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Garcetti helps launch campaign for protected status for thousands of immigrants

Garcetti helps launch campaign for protected status for thousands of immigrants
L.A. Mayor Eric Garcetti speaks on the steps of City Hall on Friday during the kickoff of the "TPS Journey for Justice Caravan."

Los Angeles city leaders and immigration advocates rallied in front of City Hall on Friday to criticize President Trump’s decision to end protected status for hundreds of thousand of immigrants.

Mayor Eric Garcetti, U.S. Rep Jimmy Gomez, Assembly members Wendy Carrillo and Miguel Santiago, City Councilman Curren Price and others helped kick off a 12-week national campaign intended to raise awareness for the Temporary Protected Status program, which allows some immigrants fleeing violence or disasters to stay in the U.S.

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The “TPS Journey for Justice Caravan” will stop at dozens of cities over the coming weeks to highlight the plight of immigrants aided by the program.

Under the Temporary Protected Status program, immigrants from certain countries affected by civil war or natural disasters are allowed to enter the United States and live here until conditions in their homelands improve.

Department of Homeland Security officials regularly review whether conditions in countries under TPS have improved to the extent that people can safely return.

Under the Trump administration, more than 400,000 people from countries such as El Salvador, Haiti, Nicaragua and Sudan have had their legal protections revoked and must leave the U.S. within 2½ years.

Los Angeles is home to a significant number of residents protected under the program, officials said, with refugees arriving from El Salvador, Guatemala and Honduras to escape political persecution and gang violence.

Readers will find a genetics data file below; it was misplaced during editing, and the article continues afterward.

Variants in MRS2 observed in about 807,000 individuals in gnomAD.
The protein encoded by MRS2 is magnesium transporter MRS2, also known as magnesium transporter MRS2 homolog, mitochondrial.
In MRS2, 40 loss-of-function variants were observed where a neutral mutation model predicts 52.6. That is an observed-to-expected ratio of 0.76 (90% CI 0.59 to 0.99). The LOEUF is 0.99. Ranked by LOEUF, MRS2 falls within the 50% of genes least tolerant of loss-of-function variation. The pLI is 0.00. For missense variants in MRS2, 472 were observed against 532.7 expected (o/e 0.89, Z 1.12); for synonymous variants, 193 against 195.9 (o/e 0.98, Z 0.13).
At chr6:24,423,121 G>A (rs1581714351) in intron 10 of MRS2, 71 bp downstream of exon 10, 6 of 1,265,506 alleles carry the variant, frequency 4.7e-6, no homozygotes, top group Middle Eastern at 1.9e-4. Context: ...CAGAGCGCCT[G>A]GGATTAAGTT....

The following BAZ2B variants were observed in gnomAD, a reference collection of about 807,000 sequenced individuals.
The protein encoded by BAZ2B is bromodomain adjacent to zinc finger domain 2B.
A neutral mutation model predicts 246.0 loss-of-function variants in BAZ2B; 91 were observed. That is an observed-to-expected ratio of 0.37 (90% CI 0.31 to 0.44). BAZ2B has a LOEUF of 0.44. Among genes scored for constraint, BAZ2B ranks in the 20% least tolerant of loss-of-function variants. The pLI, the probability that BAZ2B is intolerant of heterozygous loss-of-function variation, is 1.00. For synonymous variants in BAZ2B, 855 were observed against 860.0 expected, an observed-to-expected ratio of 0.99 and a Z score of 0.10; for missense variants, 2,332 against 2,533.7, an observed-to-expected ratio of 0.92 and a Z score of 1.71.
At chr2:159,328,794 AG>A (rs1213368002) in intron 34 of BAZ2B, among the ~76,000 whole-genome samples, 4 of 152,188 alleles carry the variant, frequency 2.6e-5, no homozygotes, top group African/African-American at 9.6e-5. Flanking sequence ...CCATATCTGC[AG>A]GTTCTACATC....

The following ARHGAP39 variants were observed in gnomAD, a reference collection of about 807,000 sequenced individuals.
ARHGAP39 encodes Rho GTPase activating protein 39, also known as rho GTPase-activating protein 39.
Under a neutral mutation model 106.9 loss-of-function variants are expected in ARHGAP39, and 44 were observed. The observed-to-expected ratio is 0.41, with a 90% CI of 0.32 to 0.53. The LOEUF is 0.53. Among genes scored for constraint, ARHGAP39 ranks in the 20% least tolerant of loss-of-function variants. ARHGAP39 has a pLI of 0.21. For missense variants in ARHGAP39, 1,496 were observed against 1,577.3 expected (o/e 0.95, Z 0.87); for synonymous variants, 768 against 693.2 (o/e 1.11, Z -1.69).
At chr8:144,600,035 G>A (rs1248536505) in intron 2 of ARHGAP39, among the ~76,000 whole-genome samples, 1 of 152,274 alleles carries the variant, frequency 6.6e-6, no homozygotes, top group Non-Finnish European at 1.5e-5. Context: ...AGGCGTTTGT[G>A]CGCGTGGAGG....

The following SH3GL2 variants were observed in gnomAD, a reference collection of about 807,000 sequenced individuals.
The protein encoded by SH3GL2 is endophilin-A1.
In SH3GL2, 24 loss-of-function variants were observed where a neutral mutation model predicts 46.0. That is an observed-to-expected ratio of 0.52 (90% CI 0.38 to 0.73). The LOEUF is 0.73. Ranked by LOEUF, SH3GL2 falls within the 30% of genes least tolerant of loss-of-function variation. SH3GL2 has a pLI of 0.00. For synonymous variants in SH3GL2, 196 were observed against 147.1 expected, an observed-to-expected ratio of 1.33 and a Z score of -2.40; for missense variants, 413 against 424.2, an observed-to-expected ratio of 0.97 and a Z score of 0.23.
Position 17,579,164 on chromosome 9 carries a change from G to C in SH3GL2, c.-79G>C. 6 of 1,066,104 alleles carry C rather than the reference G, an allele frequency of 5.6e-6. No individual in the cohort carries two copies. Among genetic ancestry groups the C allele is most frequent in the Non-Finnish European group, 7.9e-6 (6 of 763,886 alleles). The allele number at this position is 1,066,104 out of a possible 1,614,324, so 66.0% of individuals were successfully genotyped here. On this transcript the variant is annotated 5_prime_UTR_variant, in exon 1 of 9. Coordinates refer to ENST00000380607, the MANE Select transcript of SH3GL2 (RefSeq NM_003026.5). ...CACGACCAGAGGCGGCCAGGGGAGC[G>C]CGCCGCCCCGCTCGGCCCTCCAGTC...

“Let me start with a message for every TPS holder in Los Angeles,” Garcetti said at Friday’s event. “We will stand with you and we will fight for you. Because Los Angeles is a city where everyone belongs and you belong here at home.”

President Obama revoked TPS status for the West African countries of Guinea, Liberia and Sierra Leone during his administration.

Martha Arevalo, executive director of the Central American Resource Center, one of the caravan’s organizers, said her group was also critical of the Obama administration’s actions.

But she said Trump’s policies were being made “out of racism” and “out of an anti-immigrant sentiment.”

In an interview after the rally, Garcetti was asked about comments he made in an interview the previous day with the Associated Press in which he said Trump has done “plenty of racist things.”

Garcetti, who is considering running for president in 2020, said Friday that Trump “seems to regularly do things that are racist. His policies have a racist impact and he seems to be uncomfortable” with people who have different backgrounds than himself.

Garcetti also described the lack of African Americans working in the West Wing under Trump as “structural racism.”

During Trump’s campaign for president in 2016, Garcetti called the then-candidate “racist.”

Asked why he wasn’t using that term now to describe Trump, Garcetti replied: “I’ve increasingly said, let’s not call people a specific name, let’s call out their actions.”

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